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On Elef, Misia and the Tragedy of Moira; or, Defending Blorbo From My Concept Albums

(Content warnings: Mentions of incest, grooming, abuse, slavery, sexual assault)

So this is sort of a remake of a post I made numerous years ago, although I'm not sure anyone read it back then. The way the Sound Horizon fandom seems to broadly characterize Elef and Misia's relationship has bothered me for quite some time, especially since the release of Nein—people have always shipped the pair romantically, which isn't surprising knowing the nature of fandoms...but since then, people seem to take it as not only canon that the two are romantically involved in Moira, but that this is meant to be a good thing. However, even beyond any personal objections to incest, I think doing so fundamentally misunderstands what's going on in their story.

I do understand a bit where this comes from, even beyond Horny Fandom Brain: Elef and Misia clearly "love" each other deeply (more on that later), the plot largely revolves around them becoming separated and searching one another out again, and they use very emotionally charged language. But while I can understand why it might seem romantic in a vacuum, it doesn't hold much credence within the context of Sound Horizon as a whole, or even Moira itself when one looks deeper.

Two people who deeply love each other, and are separated somehow and seek one another out is a common motif for lovers in SH (März and Elisabeth, Luna and Endymio, etc)'s also commonly used for parents and children, for example (Hiver and Etoile and their respective mothers). That doesn’t particularly mean anything.

Even the emotionally charged language doesn’t mean much to me, both in the context of other SH albums and within Moira proper. Why do they consider themselves two halves of one whole? Why are they so important to the other? Is it romance? The answer lies in the plot of Moira itself.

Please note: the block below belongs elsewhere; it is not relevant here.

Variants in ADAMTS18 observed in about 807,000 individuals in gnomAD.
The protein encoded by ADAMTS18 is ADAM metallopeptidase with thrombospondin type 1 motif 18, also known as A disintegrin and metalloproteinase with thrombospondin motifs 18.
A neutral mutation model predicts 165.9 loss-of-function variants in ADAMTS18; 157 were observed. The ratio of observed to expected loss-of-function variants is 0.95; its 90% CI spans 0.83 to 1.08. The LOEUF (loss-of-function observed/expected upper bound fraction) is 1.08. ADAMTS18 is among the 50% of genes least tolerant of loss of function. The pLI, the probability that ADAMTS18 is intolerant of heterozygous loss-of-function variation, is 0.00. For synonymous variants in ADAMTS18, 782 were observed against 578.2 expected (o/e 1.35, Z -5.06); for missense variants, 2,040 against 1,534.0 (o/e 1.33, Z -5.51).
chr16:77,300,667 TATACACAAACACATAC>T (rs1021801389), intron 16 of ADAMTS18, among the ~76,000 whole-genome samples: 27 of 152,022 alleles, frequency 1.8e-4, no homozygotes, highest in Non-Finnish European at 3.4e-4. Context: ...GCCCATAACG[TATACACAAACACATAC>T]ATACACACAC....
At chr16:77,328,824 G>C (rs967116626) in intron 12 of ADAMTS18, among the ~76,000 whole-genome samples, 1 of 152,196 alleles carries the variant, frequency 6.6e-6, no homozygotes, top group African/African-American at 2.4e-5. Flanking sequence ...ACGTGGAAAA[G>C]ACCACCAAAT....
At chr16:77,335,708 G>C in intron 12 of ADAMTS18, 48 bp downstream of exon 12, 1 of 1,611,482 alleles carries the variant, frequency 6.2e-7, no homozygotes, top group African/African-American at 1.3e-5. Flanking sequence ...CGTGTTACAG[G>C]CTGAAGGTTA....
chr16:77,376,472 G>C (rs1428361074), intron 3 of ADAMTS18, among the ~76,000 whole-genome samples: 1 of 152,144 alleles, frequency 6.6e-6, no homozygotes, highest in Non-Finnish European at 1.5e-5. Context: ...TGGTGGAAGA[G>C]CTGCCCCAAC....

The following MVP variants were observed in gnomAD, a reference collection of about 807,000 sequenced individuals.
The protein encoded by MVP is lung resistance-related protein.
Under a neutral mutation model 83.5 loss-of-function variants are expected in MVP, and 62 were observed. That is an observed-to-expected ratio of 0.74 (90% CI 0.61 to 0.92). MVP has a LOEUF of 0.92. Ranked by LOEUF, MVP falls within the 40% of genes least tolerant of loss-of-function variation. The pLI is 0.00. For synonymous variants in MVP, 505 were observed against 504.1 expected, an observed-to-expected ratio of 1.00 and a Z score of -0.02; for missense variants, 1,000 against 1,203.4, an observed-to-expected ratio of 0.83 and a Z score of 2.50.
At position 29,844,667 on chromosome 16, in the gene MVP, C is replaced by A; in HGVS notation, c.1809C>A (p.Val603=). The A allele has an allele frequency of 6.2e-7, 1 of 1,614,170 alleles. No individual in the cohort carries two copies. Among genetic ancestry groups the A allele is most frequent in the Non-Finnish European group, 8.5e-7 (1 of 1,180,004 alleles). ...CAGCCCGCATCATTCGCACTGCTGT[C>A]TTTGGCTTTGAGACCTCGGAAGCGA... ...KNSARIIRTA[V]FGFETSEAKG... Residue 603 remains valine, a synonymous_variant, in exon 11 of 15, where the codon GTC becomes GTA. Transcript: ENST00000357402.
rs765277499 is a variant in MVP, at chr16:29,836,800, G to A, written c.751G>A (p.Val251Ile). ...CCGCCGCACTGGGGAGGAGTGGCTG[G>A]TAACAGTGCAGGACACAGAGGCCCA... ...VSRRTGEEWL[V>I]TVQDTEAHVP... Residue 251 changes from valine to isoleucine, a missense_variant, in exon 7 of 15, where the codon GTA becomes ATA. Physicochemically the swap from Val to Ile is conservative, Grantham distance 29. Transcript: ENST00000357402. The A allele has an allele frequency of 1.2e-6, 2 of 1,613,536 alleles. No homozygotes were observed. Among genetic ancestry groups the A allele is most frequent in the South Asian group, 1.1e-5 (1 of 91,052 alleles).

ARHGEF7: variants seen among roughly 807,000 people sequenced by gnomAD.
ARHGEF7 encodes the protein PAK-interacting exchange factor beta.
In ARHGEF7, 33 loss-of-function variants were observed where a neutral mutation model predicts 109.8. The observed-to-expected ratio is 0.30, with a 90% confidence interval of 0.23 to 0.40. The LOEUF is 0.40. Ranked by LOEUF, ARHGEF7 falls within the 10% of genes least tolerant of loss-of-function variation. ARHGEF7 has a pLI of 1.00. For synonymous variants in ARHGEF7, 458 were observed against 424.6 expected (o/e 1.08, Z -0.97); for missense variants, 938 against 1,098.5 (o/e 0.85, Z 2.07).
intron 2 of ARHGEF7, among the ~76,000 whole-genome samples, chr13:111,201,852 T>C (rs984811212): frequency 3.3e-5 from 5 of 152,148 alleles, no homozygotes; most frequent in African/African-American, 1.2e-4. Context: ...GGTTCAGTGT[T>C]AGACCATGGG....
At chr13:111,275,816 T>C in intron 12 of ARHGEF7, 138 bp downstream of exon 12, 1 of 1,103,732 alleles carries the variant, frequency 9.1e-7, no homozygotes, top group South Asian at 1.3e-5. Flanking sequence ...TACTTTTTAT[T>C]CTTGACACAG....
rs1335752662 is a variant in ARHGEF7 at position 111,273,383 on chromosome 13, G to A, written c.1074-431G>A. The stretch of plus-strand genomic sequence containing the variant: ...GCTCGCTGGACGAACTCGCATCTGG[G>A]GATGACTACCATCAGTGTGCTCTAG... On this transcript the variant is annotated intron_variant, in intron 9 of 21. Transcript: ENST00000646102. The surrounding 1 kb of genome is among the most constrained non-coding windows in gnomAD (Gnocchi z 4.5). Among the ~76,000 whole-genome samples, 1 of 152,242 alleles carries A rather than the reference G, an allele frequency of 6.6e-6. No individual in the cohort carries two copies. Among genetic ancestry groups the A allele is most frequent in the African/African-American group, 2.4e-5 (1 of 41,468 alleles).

We see a glimpse of how Elef and Misia are as small children: living an idyllic life in the mountains, playing and frolicking around, perfectly carefree. This is abruptly and violently upended when Scorpius drops by, murders their adoptive parents, and sells the pair into slavery. And of course, as though that’s not traumatic enough, they’re quickly sold to different masters. Within the blink of an eye, everything—everything—they ever had, ever known, is gone. At this point, their fates diverge wildly—which I think that, too, is also very important to all this.

Misia is sold to a pair of wandering courtesans as their apprentice; luckily, she escapes this before she begins to sincerely “work.” We don’t get much indication of how they treat her; they don’t seem kind, although if they’re genuinely abusive, it’s only vaguely alluded to. They appear too briefly to make any definitive statement.

Elef, meanwhile, is sold to the state of Illion. He’s forced into hard labor, building their walls despite being a young child (which, in actual Greek mythology, were said to be built not by men, but gods—to give an idea of their nature), and watches other workers die all around him. Alongside this, he’s watched over by a priest who proceeds to physically and sexually abuse him. He grows overwhelmed with anger and hate—who wouldn’t?

After Elef and Misia reunite, they are promptly torn apart. Misia is able to settle down, learn to love the world as it is, and accept her fate, whatever it may be. While life isn’t perfect, this passivism has worked out in her favor before—Elef was the one who freed her from her slavery, after all; and then, she was lucky enough to meet a kindly priestess and live happily for a time. She’s satisfied with her life as it is, and although she misses Elef, she’s perfectly content staying put. Even when her fate takes a turn for the worst, it must be for the best, surely. She learns to “accept death” and “become happy.”